Every day, around 850 children are infected with HIV, most of them during pregnancy, birth or breastfeeding. 310 children die every day from AIDS-related causes, mostly due to inadequate access to HIV prevention, care and treatment services. UNICEF works to ensure that babies worldwide receive life-saving testing and effective treatment.
Every year, approximately 130,000 adolescent girls become infected with the virus. Fewer than half of them (41 percent) know where to get tested. The risk of them transmitting the virus to their baby during pregnancy, childbirth or breastfeeding is around 25 percent, but can be reduced to less than 2 percent with professional medical counseling and effective antiretroviral medications. Today, around 80 percent of pregnant women and new mothers worldwide have access to appropriate therapies.
Protecting babies from HIV/AIDS
However, a child under the age of 20 is still infected with HIV every one minute and 40 seconds. Of the 2.8 million children and young people with the disease, nine out of ten live in sub-Saharan Africa. The COVID-19 pandemic has stalled the global fight against HIV and caused many crucial gains to be reversed. Without prompt treatment, half of all HIV-positive infants will die before their second birthday. This makes it all the more important for newborns to be tested as soon as possible, and there is still a lot of catching up to do: only around 54 percent of children and young people born to known HIV-positive mothers received an HIV test within two months in 2019. Similarly, just under half of HIV-positive children under the age of 19 had access to antiretroviral medications.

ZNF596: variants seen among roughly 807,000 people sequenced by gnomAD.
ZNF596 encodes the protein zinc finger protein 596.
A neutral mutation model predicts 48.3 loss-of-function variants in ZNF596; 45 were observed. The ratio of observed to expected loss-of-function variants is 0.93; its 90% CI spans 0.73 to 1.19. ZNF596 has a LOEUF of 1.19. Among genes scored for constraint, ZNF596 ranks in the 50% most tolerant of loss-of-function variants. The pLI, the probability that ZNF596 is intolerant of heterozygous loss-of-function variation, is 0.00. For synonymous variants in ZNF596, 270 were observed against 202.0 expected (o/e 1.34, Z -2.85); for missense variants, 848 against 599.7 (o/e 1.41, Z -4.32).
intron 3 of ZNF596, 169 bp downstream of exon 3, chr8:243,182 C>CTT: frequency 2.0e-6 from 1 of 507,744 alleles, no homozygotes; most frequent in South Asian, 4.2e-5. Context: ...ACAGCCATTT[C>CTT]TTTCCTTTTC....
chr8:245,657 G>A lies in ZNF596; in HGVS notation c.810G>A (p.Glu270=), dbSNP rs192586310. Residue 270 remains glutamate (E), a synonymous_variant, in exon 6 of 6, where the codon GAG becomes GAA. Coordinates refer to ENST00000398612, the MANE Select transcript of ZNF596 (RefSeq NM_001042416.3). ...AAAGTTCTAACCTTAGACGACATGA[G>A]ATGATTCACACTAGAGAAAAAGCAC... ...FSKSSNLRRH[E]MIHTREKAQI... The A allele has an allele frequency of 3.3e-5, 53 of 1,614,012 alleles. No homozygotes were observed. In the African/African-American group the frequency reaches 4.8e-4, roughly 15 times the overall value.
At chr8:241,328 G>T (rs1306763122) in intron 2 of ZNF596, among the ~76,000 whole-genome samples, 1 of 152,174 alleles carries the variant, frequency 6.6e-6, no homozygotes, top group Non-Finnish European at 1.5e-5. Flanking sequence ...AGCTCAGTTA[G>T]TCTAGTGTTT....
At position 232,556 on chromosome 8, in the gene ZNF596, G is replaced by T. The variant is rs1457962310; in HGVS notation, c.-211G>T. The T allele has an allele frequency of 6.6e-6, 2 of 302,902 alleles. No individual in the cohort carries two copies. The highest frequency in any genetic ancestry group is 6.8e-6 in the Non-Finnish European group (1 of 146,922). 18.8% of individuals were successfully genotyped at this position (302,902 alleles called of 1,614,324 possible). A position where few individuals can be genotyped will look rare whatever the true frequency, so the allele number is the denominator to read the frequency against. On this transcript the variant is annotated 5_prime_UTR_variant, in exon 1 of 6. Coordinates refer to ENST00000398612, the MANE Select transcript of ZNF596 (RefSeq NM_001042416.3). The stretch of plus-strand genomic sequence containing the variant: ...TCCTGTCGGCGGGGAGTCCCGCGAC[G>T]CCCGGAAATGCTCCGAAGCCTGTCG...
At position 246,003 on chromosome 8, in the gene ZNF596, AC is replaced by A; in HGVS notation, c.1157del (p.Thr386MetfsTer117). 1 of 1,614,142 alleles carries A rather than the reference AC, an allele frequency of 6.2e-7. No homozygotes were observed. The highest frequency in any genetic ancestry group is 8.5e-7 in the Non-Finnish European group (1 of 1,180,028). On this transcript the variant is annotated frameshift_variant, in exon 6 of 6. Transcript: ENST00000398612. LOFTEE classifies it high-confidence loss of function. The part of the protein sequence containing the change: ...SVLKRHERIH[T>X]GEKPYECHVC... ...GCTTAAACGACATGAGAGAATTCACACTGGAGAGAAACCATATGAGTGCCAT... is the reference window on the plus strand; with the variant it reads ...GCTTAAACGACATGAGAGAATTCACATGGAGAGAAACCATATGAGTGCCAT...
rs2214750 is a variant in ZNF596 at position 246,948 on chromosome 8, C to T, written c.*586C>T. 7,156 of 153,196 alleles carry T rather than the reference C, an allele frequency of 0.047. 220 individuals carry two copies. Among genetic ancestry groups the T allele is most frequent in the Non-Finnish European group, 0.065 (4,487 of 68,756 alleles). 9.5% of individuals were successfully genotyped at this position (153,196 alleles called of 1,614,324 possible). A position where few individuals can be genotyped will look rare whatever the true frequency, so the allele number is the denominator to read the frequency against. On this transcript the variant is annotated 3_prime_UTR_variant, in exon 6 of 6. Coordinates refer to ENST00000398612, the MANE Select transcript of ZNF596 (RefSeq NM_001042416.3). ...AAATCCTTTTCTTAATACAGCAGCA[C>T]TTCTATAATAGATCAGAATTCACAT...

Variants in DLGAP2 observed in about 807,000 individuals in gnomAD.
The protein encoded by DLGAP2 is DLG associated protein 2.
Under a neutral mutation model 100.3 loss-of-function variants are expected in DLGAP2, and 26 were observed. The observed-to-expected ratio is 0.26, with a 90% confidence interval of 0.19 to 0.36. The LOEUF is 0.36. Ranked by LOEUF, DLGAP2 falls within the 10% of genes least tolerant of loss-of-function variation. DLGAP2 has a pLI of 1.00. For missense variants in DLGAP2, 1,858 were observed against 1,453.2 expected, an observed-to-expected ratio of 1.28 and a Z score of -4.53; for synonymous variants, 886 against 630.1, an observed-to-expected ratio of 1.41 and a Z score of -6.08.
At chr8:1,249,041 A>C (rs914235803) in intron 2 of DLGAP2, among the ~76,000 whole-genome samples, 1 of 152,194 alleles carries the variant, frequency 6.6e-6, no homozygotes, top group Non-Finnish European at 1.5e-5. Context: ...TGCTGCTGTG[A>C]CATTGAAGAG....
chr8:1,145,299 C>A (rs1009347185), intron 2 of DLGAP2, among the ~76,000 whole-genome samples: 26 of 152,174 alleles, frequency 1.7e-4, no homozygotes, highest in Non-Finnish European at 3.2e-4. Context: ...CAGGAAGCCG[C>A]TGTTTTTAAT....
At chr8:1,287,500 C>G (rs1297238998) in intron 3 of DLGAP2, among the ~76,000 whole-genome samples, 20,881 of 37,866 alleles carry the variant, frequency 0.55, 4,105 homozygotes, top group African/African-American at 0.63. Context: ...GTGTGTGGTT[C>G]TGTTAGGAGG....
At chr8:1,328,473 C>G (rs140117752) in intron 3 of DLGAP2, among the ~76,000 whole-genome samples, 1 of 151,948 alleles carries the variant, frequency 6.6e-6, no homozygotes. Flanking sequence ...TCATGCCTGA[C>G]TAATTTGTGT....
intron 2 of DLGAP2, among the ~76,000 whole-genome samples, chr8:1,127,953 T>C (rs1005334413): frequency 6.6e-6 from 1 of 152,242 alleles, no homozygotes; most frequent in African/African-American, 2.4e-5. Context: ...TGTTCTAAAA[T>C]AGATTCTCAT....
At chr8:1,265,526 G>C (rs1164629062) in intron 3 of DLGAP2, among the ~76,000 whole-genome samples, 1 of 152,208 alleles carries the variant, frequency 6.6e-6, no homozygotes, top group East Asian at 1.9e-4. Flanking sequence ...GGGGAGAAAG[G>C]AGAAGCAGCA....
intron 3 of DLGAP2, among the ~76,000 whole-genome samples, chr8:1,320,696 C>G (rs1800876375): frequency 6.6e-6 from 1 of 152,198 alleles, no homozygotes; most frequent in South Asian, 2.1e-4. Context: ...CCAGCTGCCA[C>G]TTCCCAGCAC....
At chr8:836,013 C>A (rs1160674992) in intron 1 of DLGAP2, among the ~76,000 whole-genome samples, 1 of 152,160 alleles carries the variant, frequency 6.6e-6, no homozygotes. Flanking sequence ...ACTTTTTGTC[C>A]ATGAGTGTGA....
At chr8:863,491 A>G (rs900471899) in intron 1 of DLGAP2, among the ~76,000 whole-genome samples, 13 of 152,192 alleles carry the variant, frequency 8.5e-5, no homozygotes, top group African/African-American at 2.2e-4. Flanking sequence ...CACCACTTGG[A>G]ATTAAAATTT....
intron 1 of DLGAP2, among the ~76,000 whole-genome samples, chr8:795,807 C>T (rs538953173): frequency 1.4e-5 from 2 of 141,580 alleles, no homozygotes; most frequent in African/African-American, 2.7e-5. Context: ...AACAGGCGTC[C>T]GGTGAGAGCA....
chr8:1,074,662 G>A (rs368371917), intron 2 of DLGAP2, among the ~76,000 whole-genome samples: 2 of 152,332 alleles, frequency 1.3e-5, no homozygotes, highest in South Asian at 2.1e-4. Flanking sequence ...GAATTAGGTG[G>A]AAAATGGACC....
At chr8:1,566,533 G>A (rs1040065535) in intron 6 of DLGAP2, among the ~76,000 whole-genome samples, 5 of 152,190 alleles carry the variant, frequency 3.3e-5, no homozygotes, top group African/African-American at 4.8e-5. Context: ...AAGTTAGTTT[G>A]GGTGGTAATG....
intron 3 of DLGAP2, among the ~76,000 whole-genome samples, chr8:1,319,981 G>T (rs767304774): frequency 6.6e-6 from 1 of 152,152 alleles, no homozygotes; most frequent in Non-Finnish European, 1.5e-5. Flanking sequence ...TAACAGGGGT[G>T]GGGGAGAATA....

Meet Ely from Burkina Faso
Ely, 42 years old, cuddles the youngest of her five children. She tested HIV-positive 14 years ago: “I was so shocked. I thought I was going to die. But I followed all the advice and have been taking my medication ever since. I lead a normal life, as I was told I would. The only thing is, here in Burkina Faso it’s still a taboo to talk about it. My children are all healthy, and I can only advise everyone that they should definitely get treatment. Then you can have a life just like everyone else.”
How UNICEF helps
UNICEF is committed to ensuring that mothers and their children around the world have access to prevention, counseling, treatment and care. We support governments and partner organizations in providing HIV prevention measures, testing and medicines across the board; including in remote areas, in crisis regions and among marginalized populations. Key measures to protect newborns include:
- Access to voluntary, confidential counseling and HIV testing
- Professional medical care during pregnancy, before birth and while breastfeeding
- Antiretroviral therapy for mothers and children
In addition, UNICEF tackles major risk factors such as poverty, gender inequality and a lack of education.